If you had not been following the news and had not been out on the bay shore of San Francisco Bay until today, based on this picturesque evening scene of this sailboat and swimming birds off the Alameda shoreline, you would have thought that all was well in San Francisco Bay. However, if you examine the picture a bit more closely, you might wonder what the lines around the sailboat are that lie right on the water. Those are booms placed in strategic places around the Dubai Star oil spill to contain oil and to keep it from entering sensitive sites.
Just off Crab Cove, Alameda, California
During oil spills, keeping oil and people out of sensitive places can be a real challenge. One thing that has affected our efforts to capture oiled wildlife is the presence of people who enter sites closed to the public where oil is in the environment. I took this picture yesterday where distant in the backgrounds is a family with their small child playing on the beach that was posted closed to the public.
This is a bad idea on their part for several reasons: 1) crude oil is hazardous to you, your kids, and your pet’s health; 2) oil is hard to get off your clothes and shoes; 3) your presence on the closed beaches will keep sick wildlife from coming ashore making it difficult for trained responders to capture them and get them to treatment facilities; and 4) oiled birds that keep getting flushed back in the water are more likely to die of hypothermia. I know that it is tough to get closed out of an area that you love to walk in. I felt the same way when Cosco Busan closed my favorite beach to walk on in my old home town of Bolinas; but please think about the consequences of your actions if you are thinking about ignoring the “closed beach” signs.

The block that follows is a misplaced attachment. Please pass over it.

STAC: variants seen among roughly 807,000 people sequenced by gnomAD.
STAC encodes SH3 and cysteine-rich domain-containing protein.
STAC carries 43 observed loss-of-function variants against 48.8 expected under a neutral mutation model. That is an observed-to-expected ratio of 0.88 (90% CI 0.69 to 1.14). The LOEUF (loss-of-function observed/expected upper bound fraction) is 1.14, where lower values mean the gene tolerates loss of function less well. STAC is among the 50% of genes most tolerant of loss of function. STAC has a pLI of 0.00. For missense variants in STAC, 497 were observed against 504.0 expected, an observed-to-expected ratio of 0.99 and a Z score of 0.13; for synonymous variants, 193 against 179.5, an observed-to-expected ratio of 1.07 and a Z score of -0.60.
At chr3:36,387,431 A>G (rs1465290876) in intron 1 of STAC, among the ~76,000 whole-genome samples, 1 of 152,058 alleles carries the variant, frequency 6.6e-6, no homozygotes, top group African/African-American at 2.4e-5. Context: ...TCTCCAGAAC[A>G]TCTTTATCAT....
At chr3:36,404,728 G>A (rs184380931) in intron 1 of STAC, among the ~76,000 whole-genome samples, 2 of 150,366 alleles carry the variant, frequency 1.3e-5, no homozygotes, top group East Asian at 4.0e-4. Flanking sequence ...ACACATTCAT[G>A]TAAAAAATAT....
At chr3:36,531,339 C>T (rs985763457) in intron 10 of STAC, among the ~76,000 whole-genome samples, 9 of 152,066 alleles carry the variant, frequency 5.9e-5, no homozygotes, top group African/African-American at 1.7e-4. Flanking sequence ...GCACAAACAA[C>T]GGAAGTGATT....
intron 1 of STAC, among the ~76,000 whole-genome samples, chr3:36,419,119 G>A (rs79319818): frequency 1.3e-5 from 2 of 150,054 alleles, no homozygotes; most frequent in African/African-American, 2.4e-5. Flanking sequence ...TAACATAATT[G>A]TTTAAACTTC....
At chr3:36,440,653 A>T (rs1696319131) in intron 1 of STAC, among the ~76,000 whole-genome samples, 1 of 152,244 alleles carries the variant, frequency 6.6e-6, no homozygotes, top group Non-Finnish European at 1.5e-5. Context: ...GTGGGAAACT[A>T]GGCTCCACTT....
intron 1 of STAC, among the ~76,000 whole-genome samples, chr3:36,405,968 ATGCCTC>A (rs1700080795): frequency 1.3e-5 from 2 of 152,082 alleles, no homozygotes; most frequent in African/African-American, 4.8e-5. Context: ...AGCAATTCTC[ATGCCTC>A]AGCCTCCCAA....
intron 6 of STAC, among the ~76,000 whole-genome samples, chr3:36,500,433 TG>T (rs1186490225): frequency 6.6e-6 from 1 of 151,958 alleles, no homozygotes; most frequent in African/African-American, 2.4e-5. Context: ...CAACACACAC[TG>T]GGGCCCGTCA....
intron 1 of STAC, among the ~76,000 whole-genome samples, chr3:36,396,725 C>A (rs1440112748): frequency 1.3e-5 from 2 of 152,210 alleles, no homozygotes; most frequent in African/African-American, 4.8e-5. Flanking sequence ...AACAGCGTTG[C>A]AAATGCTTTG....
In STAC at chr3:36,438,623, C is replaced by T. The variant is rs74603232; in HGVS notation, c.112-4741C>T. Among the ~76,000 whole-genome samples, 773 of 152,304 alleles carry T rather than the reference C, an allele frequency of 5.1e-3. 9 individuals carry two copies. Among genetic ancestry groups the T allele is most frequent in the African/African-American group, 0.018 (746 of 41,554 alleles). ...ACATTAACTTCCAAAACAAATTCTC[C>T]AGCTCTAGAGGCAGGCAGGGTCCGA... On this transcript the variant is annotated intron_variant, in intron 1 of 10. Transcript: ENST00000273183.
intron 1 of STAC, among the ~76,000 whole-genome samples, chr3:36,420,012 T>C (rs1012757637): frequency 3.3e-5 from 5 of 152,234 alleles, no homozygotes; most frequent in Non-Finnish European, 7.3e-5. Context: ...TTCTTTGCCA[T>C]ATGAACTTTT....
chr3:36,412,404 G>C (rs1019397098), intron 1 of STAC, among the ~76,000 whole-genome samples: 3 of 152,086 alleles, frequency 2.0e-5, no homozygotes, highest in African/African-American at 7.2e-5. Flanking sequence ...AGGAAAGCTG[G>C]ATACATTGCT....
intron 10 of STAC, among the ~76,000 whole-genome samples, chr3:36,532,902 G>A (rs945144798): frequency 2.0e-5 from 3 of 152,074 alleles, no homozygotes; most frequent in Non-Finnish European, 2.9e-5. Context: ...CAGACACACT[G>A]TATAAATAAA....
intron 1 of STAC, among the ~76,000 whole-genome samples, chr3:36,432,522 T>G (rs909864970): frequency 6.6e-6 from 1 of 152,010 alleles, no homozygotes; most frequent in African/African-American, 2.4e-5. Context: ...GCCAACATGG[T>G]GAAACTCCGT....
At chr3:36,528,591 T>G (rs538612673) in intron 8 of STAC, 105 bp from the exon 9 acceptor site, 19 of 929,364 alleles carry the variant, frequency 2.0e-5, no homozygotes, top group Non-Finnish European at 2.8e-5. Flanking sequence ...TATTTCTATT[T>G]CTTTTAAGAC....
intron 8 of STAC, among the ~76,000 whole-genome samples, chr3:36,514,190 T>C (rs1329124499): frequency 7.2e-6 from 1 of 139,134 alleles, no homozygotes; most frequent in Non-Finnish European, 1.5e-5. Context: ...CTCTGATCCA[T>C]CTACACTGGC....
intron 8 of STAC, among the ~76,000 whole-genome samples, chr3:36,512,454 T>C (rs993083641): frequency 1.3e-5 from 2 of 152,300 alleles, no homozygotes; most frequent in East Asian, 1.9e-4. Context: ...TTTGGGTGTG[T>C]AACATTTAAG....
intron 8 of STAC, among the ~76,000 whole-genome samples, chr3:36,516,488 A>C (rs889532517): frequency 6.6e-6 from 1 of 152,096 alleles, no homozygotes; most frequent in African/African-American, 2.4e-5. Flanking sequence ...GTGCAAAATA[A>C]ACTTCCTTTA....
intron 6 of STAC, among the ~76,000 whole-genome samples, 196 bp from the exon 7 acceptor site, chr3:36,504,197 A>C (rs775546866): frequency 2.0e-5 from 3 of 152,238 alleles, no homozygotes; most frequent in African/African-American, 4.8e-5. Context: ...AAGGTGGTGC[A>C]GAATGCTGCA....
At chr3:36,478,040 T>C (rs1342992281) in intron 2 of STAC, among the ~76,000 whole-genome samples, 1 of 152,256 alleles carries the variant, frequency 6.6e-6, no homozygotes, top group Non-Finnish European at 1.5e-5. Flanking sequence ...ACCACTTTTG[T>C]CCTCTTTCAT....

As far as bird capture today, another quiet day with no live oiled birds captured and less than a handful of dead birds gathered up. Tomorrow we will focus on trying to capture some oiled American Coots that we know are out there.